A group of friends fashionable dressed, unique, laughing out loud. A man staring at the ceiling, bare chested, fit, with money. A young man in an immersion bath devote to pleasure. A girl with fuchsia hair and jean jacket on a terrace. If we added a beer, a fresh soda or a logo sneakers to any of these scenes , the result will be one: an advertisement.
Something like this was taken by the Sub Cooperativa photographers Gisela Volá, Nicolas Posuthomis and Gerónimo Molina, but with the difference that what is presented in those pictures is not a famous drink or a piece of cloth, it is something still illegal and in the oficial speeches stigmatized: the marijuana.
This work in progress is commissioned by Drogas – Políticas – Violencias, the multimedia platform which tries to dismantle myths and stereotypes through science, journalism and art. In the case of Sub Cooperativa, the idea is to move the focus of the usual places where it is used and show to what extent illegal substances coexist with daily life that fit within what we call normality.
The idea of how to face the project came from an anecdote that Gisela told to her partners. Last year, as a part of a visit of a Chilean friend and her teenage daughter, Gisela ended up smoking cannabis on the terrace with both of them and her own 17-year-old son . For her this was a breach: a substance that was more or less hidden, now it became part of a family ritual. Then, from the collective they wonder what would happen if the way to destigmatize was to show those close to them. The challenge is to show the collective from one’s own intimacy. “We are” says Gisela, “the ones who smoke or cultivate”. And so, why should the camera point ther way?
What do you want to achieve with this work?
The objective is to dismantle the cliché associated with consumption. Coca-cola doesn’t sell a “horrible brown drink”, but the glass of ice on a beach as a happy moment, they sell a sensation. So we ask ourselves: How can we use some of those expressive resources? We work with a film colorist, a 90s advertising visual that makes it intergenerational. This work is in an initial process. For now we choose images that convey pleasure, enjoyment, relish, and are the ones used to empathize in publicity; we are making a semiotic joke thinking of the advertisement as opposed to the clandestinity to which illegality forces.
With what do debate the message you want to convey?
People who smoke are always thought of as a cliche: weak-tempered lost youth who “get addicted”, bohemians, marginals or “poor guys” who have problems they can’t solve. The truth is not like that. People don’t just smoke for problems, the problem is the world we live in. People smoke because it makes us connect with other senses that are not awake, or because it relaxes or makes you focus on something.
With these photos the bet is to target people who have an armed prejudice about who smokes and who doesn’t. What we are interested in is destigmatizing and show diversity, which can range from who your boss was or who sells you expensive clothes. We are interested in showing that people who smoke are near to you and you did not even suspect it.
How did it turn out to point “inward”?
In photojournalism and documentarysm, for a long time it was thought that the stories were outside. These are times to understand that stories, a lot of times are born from inside us and a mirror appears, the camera rotates 360 degrees. This work is a big commitment: taking photos of my children is not somethin I do because is easy for me, what I am doing is assuming myself politically. The first time i smoked with my son, something wonderful happened. That individual experience was a beginning, then it spread to look for other unknown stories similars to mine. This work is about that: looking at my own navel and also that of others.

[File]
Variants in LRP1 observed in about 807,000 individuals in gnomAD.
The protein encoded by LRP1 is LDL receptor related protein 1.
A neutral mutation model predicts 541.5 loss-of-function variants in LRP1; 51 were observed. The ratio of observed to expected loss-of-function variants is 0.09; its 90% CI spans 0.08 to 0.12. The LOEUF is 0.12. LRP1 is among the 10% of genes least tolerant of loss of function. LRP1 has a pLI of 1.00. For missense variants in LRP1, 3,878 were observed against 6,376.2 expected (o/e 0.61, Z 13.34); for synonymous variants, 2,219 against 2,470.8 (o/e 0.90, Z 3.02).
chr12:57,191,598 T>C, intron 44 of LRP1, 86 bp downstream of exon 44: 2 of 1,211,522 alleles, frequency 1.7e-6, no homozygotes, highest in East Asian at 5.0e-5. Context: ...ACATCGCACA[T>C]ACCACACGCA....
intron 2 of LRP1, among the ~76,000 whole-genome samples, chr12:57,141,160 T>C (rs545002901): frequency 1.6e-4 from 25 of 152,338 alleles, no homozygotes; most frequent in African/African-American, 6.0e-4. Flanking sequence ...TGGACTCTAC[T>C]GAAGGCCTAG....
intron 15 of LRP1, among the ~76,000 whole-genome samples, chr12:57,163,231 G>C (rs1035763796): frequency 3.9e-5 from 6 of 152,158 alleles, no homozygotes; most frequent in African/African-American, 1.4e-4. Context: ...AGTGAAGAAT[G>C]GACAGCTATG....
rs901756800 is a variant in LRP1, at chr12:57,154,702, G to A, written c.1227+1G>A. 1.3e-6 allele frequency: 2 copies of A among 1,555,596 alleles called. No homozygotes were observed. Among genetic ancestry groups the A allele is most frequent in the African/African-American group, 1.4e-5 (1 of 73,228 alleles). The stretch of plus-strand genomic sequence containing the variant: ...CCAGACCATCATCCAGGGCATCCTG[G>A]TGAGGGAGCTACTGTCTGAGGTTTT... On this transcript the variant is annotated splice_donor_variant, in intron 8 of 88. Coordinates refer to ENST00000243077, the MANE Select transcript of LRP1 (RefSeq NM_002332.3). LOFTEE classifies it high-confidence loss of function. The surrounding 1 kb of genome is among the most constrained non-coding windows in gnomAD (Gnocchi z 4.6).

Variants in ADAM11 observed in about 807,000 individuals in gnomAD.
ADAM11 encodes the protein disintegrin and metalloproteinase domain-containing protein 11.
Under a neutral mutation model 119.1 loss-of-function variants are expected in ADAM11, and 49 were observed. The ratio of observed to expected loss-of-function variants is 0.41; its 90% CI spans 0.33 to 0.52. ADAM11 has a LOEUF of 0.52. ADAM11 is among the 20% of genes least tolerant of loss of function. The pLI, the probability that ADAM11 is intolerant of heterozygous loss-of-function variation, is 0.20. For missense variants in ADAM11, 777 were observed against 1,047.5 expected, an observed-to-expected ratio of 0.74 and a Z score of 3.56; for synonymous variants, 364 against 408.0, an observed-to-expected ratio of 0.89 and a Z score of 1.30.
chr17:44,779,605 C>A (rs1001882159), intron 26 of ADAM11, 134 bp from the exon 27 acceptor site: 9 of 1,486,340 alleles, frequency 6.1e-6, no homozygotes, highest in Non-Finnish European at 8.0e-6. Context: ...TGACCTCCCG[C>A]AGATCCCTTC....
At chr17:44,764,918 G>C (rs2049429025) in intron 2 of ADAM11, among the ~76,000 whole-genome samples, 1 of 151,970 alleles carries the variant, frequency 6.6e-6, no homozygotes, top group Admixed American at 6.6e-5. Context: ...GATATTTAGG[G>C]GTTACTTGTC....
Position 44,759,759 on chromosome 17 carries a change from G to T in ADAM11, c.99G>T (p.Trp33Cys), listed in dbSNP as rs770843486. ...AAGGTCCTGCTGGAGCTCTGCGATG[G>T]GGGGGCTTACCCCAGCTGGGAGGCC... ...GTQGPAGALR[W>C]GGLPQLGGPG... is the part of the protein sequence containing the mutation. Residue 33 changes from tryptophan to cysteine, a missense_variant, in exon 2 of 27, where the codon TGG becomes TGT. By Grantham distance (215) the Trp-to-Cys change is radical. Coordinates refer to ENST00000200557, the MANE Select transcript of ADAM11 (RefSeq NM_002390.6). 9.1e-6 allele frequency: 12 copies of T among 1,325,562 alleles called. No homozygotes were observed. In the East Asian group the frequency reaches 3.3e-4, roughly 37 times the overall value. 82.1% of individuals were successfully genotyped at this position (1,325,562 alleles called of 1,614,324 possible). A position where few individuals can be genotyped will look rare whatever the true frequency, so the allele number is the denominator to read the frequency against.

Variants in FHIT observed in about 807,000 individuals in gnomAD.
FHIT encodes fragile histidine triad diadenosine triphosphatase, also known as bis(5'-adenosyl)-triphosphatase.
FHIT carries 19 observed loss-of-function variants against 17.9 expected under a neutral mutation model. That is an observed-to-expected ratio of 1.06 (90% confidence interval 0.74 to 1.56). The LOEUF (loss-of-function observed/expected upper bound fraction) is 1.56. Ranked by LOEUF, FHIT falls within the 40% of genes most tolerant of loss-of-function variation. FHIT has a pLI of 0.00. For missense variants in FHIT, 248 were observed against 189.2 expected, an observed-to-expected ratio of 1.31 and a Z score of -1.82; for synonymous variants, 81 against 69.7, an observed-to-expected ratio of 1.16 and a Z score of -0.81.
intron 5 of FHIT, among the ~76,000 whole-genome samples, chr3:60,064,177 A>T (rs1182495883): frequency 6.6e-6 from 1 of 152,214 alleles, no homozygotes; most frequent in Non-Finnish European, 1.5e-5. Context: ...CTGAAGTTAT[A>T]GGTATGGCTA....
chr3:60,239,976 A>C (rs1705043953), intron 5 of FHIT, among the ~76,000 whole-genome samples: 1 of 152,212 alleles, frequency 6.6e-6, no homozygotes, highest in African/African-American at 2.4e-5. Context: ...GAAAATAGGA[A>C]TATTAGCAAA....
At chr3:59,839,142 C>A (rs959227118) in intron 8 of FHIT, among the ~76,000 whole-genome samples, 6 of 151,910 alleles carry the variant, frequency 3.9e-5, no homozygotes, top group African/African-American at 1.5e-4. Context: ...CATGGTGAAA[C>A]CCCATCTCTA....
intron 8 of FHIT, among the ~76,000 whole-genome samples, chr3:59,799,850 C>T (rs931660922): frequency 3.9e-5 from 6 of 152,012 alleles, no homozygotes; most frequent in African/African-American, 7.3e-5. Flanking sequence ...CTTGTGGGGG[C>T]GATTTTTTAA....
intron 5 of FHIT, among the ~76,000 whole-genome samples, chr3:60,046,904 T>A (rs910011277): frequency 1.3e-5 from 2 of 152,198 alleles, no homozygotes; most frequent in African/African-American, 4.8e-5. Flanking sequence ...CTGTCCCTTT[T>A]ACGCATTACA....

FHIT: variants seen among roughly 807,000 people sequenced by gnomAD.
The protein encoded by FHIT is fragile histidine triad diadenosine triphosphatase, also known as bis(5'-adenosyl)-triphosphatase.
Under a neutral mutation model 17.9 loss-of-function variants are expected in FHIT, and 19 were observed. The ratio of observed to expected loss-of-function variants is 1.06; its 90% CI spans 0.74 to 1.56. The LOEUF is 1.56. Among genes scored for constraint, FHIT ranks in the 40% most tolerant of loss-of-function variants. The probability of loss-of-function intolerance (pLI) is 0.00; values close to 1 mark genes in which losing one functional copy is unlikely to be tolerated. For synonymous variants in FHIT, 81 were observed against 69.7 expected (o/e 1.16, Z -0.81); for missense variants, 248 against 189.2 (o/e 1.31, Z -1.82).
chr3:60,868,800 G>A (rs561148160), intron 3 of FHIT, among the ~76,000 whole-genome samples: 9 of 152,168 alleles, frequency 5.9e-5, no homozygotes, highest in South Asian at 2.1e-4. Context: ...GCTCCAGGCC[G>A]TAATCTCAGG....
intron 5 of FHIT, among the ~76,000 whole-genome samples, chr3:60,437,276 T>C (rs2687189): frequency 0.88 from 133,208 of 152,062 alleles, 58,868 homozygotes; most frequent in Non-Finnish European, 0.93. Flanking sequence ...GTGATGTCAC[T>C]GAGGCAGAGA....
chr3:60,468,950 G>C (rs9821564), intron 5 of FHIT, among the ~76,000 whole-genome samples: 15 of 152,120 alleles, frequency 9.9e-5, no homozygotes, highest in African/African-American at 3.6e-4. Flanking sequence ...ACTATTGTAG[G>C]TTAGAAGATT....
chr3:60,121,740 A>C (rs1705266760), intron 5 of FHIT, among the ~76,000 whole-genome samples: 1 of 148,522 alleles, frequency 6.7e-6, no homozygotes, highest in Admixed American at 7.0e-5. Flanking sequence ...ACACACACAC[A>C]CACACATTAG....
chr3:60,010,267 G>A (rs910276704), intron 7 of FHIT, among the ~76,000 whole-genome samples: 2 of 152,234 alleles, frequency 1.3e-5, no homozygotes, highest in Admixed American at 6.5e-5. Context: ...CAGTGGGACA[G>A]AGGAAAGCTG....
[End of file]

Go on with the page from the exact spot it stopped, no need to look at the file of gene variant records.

This is a work in progress, but how would you tell the stories of those who have been photographed by now?
We started to take pictures of my 19-year-old daughter, a tattoo artist and clothing designer, who lives alone, she cultivates and smokes in a special way with her friends: they watch movies, and play videogames. Then from my son. And from Gillermo, a tuxedo salesmale who, when he comes back from work, what he most enjoys the most is closing the doors and curtains, smoking and taking a soaking bath, in a relaxed mode. Another story that we portray is one of an almost 50 years old man, who lives in the country, plays tennis and is a boss. For him, cannabis is a ground wire, an emotional restraint, a company. We also took photos of Javito, a DJ, who now streams and smokes press because he doesn’t have space at home to grow crops. Finally we photographed Sofía, Tobías and Alexis, a group of university students who experiment with seeds to see how the different strains stick together, when they smoke they get together to eat something delicious.
How does social class play in this work?
We are a cooperative of photographers born and raised by the 2001 criss. For about ten years we looked at a certain part of the society: peasants, workers, assembly members, social movements. At one point we turned the cameras towards the upper classes. I think it was one of the biggest challenges because we realized what power means. In popular sectors no one had never asked us for a permit, but when we entered this other sector, the lawyers and the contracts appeared. In this work of cannabis use there is something linked to stigmas and stereotypes. One is that of social class: it is thought that those who smoke do not have money and the tendency is to label the one from lower class as a “drug addict.”This is not the case, and that is why it seems necessary to us to talk about the middle and upper classes, who buy from the kids in the next neighborhood.